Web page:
The cost of electric vehicles (EVs) will fall to match those running on combustion engines by 2022, a key trigger that will mean by 2035 half of all passenger vehicles sold globally will be electric, according to the head of a top energy consultancy.
But this expected exponential rise in cleaner vehicles, coupled with booming renewable energy production, will not be enough to meet the Paris Agreement goal of limiting climate warming, Ditlev Engel, chief executive of DNV GL's energy consulting business, told Reuters in an interview.
"The trends are very clear that the world is electrifying, renewables are taking up more space, we're moving into a world of EVs, but we have to remember we are racing against the clock. It's not enough," said Engel, whose 2,300 staff advice companies and governments on energy issues.
He said, on current projections, the world would not achieve the goal of limiting the earth's warming to well below 2 degrees Celsius by 2050, as pledged in the 2015 Paris Agreement.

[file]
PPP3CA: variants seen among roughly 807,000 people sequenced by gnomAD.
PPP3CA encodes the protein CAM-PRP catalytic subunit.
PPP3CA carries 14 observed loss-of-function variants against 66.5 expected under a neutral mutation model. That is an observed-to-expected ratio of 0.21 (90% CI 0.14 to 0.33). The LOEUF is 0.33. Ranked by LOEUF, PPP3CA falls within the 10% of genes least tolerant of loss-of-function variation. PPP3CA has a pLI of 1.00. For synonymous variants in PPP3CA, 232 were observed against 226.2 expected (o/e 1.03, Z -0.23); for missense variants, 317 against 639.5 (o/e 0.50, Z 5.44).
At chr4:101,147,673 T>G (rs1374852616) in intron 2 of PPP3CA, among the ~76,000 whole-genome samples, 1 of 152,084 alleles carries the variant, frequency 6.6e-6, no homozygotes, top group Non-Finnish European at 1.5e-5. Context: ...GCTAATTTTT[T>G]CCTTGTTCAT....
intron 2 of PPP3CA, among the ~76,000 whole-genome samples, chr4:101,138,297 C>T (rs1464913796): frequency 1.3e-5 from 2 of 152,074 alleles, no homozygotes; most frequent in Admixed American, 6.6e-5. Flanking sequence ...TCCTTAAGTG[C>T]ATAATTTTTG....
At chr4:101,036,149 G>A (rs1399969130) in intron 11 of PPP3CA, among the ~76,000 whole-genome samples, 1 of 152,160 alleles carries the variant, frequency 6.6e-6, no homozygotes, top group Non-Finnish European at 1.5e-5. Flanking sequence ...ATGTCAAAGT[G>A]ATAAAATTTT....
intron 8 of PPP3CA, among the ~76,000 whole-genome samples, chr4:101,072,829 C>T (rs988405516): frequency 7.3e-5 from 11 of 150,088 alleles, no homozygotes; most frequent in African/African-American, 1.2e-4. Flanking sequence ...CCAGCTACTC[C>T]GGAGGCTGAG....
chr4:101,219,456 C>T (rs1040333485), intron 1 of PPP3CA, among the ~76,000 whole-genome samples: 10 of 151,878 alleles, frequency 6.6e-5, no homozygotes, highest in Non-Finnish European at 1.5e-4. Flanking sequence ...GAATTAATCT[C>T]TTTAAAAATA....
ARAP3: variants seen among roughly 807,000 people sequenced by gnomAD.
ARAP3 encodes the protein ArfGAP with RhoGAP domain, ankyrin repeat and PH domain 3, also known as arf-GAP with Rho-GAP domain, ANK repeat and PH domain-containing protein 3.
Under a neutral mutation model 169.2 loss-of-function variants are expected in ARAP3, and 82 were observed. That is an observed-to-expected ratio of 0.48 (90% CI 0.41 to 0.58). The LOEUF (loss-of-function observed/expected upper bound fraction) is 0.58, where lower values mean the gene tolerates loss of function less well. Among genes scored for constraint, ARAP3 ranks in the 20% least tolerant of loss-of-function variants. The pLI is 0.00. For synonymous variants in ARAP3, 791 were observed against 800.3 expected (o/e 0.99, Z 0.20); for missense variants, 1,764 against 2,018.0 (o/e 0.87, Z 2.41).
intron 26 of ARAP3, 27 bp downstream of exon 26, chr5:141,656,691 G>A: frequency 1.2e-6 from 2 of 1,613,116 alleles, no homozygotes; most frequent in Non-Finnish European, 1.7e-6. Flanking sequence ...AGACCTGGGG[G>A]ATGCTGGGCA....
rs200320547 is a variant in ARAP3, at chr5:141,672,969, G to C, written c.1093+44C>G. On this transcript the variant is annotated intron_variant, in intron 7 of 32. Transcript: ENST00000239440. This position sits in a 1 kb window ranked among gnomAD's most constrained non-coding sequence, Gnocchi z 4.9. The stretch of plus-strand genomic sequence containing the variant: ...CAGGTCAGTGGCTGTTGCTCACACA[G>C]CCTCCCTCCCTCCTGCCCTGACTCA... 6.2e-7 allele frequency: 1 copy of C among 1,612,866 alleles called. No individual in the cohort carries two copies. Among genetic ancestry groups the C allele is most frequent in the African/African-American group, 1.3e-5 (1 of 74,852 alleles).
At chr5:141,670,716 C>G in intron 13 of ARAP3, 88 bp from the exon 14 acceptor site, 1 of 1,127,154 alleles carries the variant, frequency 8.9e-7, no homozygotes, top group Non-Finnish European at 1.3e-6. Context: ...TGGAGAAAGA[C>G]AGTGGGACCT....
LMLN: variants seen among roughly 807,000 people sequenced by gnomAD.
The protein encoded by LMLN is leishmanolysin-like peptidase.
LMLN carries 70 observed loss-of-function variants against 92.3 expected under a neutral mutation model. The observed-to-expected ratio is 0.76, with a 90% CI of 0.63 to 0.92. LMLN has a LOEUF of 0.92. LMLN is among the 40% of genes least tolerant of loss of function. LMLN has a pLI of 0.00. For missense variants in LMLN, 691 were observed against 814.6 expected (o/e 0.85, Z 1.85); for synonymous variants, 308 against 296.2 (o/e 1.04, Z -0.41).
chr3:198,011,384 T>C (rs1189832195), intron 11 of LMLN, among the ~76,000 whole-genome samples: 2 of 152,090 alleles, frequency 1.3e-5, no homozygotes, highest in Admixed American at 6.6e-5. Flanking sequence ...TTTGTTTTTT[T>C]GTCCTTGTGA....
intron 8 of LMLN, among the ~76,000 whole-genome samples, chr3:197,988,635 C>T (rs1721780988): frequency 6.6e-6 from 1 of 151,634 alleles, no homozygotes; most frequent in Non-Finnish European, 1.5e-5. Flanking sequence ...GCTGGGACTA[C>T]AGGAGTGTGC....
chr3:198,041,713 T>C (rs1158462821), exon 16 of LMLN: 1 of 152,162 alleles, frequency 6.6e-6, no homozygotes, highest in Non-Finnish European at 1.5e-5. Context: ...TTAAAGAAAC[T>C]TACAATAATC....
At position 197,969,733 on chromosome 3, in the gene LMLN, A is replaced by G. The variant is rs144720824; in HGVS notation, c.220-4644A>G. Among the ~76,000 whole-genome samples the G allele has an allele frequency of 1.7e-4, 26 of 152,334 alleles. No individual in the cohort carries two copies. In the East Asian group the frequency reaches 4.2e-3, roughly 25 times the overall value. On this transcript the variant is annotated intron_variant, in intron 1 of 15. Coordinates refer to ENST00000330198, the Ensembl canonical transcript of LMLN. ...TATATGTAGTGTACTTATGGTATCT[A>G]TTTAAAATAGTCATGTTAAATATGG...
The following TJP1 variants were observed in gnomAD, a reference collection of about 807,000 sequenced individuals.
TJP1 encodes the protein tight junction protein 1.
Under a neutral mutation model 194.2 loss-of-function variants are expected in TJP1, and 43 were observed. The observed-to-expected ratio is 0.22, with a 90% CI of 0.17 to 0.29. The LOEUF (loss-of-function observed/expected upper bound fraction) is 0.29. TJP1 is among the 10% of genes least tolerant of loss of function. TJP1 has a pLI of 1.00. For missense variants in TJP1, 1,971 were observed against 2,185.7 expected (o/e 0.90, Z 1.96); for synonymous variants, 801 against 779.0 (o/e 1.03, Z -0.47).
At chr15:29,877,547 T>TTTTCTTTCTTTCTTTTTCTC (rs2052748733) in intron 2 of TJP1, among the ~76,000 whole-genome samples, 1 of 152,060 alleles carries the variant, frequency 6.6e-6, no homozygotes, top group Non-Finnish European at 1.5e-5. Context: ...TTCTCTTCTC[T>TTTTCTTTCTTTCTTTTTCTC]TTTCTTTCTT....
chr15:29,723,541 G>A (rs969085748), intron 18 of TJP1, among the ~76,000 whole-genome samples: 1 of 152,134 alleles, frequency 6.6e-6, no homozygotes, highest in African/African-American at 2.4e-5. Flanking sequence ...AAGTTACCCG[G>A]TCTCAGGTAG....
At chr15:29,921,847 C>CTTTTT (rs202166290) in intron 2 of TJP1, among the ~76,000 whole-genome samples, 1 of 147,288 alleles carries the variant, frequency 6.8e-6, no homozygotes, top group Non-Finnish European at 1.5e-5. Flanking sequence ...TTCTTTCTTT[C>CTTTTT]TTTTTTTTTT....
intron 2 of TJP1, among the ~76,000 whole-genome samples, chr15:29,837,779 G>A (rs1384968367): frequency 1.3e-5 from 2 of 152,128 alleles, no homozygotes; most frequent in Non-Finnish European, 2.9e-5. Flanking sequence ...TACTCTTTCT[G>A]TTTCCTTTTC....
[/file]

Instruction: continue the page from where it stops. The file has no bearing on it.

"Anything you can substitute today, you've got to accelerate. The speed of implementation must be even faster and this can only happen if the public and private sectors coordinate," he said at the company's energy business headquarters in Arnhem, the Netherlands.
On the back of the U.N.-led Paris agreement, governments have started announcing policies aimed at reducing climate-harming carbon emissions, such as Britain pledging a ban on new diesel and petrol car sales by 2040.
DNV GL expects energy demand will peak around 2030 due to more efficient use and slower population and productivity growth, it said in its first report assessing the impact of the transition towards greater electrification.
Growing electricity production will be the main driver for more efficient energy use as consumers move away from low-efficiency fossil fuels, with power output expected to soar by 140 percent by the middle of the century.
As a result, renewable energy sources will account for 85 percent of global electricity production by 2050, DNV GL forecasts.
Despite the rise in renewable energy, it is gas that will overtake oil as the world's biggest energy source by 2034, the consultancy said, a trend that is reflected in an investment shift at major oil companies towards new gas projects.
This thinking underpinned, for example, Royal Dutch Shell's $54 billion takeover of BG Group last year.
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